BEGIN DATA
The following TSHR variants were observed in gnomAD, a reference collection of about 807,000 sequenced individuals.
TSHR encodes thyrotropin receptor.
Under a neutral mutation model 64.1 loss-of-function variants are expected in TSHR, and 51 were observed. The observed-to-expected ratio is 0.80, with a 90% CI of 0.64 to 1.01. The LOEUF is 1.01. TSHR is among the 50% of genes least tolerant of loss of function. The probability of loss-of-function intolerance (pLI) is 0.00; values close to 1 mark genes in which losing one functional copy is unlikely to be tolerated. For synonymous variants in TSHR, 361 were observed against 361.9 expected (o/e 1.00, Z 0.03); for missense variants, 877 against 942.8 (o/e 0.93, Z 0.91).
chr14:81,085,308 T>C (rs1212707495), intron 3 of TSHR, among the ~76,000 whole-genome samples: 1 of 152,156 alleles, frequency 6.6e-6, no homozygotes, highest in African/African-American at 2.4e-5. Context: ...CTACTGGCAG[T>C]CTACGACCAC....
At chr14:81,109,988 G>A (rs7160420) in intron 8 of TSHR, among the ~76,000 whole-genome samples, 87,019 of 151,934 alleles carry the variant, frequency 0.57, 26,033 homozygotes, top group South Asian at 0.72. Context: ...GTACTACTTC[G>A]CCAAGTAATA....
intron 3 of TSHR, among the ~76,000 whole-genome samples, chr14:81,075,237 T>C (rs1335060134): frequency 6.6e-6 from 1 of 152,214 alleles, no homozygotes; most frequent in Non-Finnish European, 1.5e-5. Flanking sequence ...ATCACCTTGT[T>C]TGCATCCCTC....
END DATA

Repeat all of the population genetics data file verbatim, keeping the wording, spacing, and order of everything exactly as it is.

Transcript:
The following TSHR variants were observed in gnomAD, a reference collection of about 807,000 sequenced individuals.
TSHR encodes thyrotropin receptor.
Under a neutral mutation model 64.1 loss-of-function variants are expected in TSHR, and 51 were observed. The observed-to-expected ratio is 0.80, with a 90% CI of 0.64 to 1.01. The LOEUF is 1.01. TSHR is among the 50% of genes least tolerant of loss of function. The probability of loss-of-function intolerance (pLI) is 0.00; values close to 1 mark genes in which losing one functional copy is unlikely to be tolerated. For synonymous variants in TSHR, 361 were observed against 361.9 expected (o/e 1.00, Z 0.03); for missense variants, 877 against 942.8 (o/e 0.93, Z 0.91).
chr14:81,085,308 T>C (rs1212707495), intron 3 of TSHR, among the ~76,000 whole-genome samples: 1 of 152,156 alleles, frequency 6.6e-6, no homozygotes, highest in African/African-American at 2.4e-5. Context: ...CTACTGGCAG[T>C]CTACGACCAC....
At chr14:81,109,988 G>A (rs7160420) in intron 8 of TSHR, among the ~76,000 whole-genome samples, 87,019 of 151,934 alleles carry the variant, frequency 0.57, 26,033 homozygotes, top group South Asian at 0.72. Context: ...GTACTACTTC[G>A]CCAAGTAATA....
intron 3 of TSHR, among the ~76,000 whole-genome samples, chr14:81,075,237 T>C (rs1335060134): frequency 6.6e-6 from 1 of 152,214 alleles, no homozygotes; most frequent in Non-Finnish European, 1.5e-5. Flanking sequence ...ATCACCTTGT[T>C]TGCATCCCTC....